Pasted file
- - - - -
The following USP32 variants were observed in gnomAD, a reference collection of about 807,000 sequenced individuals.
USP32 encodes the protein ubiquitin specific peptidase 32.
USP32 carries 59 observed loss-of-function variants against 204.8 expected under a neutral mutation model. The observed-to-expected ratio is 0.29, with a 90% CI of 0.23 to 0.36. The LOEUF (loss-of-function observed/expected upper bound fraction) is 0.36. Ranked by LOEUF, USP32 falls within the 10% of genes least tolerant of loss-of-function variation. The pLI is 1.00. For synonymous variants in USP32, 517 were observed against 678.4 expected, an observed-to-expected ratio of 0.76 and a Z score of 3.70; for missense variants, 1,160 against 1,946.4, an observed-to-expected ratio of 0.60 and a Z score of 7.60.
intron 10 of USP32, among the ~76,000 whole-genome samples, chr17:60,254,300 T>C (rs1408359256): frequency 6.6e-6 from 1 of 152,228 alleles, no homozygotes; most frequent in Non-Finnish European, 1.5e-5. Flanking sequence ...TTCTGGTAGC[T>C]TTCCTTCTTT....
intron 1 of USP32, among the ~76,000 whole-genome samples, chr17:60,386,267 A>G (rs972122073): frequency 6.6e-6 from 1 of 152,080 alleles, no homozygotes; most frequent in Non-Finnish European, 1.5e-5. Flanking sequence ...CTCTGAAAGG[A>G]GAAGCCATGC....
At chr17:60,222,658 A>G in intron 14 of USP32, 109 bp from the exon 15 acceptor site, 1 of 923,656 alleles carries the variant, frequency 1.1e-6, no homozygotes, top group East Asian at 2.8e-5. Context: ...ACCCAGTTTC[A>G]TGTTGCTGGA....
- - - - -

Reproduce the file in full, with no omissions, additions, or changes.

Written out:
The following USP32 variants were observed in gnomAD, a reference collection of about 807,000 sequenced individuals.
USP32 encodes the protein ubiquitin specific peptidase 32.
USP32 carries 59 observed loss-of-function variants against 204.8 expected under a neutral mutation model. The observed-to-expected ratio is 0.29, with a 90% CI of 0.23 to 0.36. The LOEUF (loss-of-function observed/expected upper bound fraction) is 0.36. Ranked by LOEUF, USP32 falls within the 10% of genes least tolerant of loss-of-function variation. The pLI is 1.00. For synonymous variants in USP32, 517 were observed against 678.4 expected, an observed-to-expected ratio of 0.76 and a Z score of 3.70; for missense variants, 1,160 against 1,946.4, an observed-to-expected ratio of 0.60 and a Z score of 7.60.
intron 10 of USP32, among the ~76,000 whole-genome samples, chr17:60,254,300 T>C (rs1408359256): frequency 6.6e-6 from 1 of 152,228 alleles, no homozygotes; most frequent in Non-Finnish European, 1.5e-5. Flanking sequence ...TTCTGGTAGC[T>C]TTCCTTCTTT....
intron 1 of USP32, among the ~76,000 whole-genome samples, chr17:60,386,267 A>G (rs972122073): frequency 6.6e-6 from 1 of 152,080 alleles, no homozygotes; most frequent in Non-Finnish European, 1.5e-5. Flanking sequence ...CTCTGAAAGG[A>G]GAAGCCATGC....
At chr17:60,222,658 A>G in intron 14 of USP32, 109 bp from the exon 15 acceptor site, 1 of 923,656 alleles carries the variant, frequency 1.1e-6, no homozygotes, top group East Asian at 2.8e-5. Context: ...ACCCAGTTTC[A>G]TGTTGCTGGA....